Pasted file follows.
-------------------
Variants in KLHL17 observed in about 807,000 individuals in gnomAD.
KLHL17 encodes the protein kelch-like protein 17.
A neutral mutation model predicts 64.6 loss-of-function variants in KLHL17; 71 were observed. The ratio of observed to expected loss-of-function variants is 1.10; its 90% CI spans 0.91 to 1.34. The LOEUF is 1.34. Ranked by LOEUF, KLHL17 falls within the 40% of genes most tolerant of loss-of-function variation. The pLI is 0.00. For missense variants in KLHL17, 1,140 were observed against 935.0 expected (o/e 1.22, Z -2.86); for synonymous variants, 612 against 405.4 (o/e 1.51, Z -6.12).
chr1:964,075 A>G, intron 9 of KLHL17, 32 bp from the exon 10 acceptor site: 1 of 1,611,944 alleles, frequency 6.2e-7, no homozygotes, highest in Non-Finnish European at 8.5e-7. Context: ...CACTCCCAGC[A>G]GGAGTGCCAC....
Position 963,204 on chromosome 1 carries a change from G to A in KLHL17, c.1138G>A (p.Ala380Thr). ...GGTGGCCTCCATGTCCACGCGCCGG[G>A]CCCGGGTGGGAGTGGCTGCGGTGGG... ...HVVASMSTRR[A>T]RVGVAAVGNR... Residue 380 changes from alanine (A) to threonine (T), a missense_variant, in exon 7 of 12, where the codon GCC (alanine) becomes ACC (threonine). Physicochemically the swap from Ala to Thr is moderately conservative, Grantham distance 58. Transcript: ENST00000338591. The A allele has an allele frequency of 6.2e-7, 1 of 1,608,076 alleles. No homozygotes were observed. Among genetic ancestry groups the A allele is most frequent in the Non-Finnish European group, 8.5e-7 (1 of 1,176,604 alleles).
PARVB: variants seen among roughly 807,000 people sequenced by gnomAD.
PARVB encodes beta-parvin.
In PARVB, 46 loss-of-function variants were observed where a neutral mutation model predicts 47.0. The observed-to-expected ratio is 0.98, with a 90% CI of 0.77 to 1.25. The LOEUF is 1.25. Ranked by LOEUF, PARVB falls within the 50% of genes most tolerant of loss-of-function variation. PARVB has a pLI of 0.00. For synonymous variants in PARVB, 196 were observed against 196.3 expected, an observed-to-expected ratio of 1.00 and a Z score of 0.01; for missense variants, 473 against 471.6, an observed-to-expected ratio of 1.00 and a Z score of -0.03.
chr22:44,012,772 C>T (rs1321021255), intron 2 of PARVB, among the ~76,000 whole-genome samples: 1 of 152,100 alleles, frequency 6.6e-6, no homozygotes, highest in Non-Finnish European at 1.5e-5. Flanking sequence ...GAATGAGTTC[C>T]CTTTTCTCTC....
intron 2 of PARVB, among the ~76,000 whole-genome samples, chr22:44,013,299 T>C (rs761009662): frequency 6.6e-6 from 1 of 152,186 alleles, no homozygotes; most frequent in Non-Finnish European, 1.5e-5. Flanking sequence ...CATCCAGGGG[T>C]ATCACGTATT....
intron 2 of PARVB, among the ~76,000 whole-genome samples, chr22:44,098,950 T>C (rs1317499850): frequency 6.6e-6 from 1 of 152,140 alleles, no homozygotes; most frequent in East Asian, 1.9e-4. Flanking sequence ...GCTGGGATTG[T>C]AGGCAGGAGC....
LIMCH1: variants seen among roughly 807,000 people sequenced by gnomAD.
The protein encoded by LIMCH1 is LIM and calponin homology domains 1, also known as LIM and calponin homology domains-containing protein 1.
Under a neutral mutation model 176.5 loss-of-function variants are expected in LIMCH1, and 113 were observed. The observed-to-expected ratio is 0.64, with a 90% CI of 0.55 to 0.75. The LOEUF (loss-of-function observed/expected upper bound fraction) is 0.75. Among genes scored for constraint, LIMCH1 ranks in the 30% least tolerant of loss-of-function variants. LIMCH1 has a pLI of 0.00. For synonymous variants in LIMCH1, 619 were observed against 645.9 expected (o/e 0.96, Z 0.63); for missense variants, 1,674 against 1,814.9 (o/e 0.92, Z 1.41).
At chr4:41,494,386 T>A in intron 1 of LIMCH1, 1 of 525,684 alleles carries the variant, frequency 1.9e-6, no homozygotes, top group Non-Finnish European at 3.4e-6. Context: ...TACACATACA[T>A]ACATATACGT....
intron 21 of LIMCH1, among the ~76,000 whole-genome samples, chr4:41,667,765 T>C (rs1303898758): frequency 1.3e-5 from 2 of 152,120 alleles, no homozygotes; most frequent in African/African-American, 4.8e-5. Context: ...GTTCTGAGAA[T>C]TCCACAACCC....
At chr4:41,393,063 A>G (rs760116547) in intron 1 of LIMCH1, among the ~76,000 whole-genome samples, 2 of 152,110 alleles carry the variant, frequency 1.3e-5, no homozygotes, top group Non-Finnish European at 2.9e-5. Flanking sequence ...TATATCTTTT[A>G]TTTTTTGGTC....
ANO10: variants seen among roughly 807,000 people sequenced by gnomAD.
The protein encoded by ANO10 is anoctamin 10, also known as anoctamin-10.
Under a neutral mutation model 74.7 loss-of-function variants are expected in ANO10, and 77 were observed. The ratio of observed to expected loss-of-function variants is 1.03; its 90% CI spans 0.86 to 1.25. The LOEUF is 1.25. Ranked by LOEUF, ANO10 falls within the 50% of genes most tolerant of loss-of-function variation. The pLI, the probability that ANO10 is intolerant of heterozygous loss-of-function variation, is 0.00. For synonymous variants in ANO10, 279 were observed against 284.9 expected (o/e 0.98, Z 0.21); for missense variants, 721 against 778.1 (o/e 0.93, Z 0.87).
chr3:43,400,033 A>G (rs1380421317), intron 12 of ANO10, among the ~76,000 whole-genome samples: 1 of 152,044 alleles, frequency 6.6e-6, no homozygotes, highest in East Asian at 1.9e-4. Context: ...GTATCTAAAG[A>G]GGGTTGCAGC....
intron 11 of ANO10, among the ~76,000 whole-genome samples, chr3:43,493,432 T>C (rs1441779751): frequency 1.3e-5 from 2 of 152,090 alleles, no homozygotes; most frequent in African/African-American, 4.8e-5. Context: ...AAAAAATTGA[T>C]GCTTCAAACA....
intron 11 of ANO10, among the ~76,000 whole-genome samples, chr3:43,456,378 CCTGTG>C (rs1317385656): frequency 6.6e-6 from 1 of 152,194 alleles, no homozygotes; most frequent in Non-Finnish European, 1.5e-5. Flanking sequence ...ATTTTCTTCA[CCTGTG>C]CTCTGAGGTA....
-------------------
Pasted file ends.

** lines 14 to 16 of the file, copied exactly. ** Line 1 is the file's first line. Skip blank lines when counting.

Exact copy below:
Under a neutral mutation model 176.5 loss-of-function variants are expected in LIMCH1, and 113 were observed. The observed-to-expected ratio is 0.64, with a 90% CI of 0.55 to 0.75. The LOEUF (loss-of-function observed/expected upper bound fraction) is 0.75. Among genes scored for constraint, LIMCH1 ranks in the 30% least tolerant of loss-of-function variants. LIMCH1 has a pLI of 0.00. For synonymous variants in LIMCH1, 619 were observed against 645.9 expected (o/e 0.96, Z 0.63); for missense variants, 1,674 against 1,814.9 (o/e 0.92, Z 1.41).
At chr4:41,494,386 T>A in intron 1 of LIMCH1, 1 of 525,684 alleles carries the variant, frequency 1.9e-6, no homozygotes, top group Non-Finnish European at 3.4e-6. Context: ...TACACATACA[T>A]ACATATACGT....
intron 21 of LIMCH1, among the ~76,000 whole-genome samples, chr4:41,667,765 T>C (rs1303898758): frequency 1.3e-5 from 2 of 152,120 alleles, no homozygotes; most frequent in African/African-American, 4.8e-5. Context: ...GTTCTGAGAA[T>C]TCCACAACCC....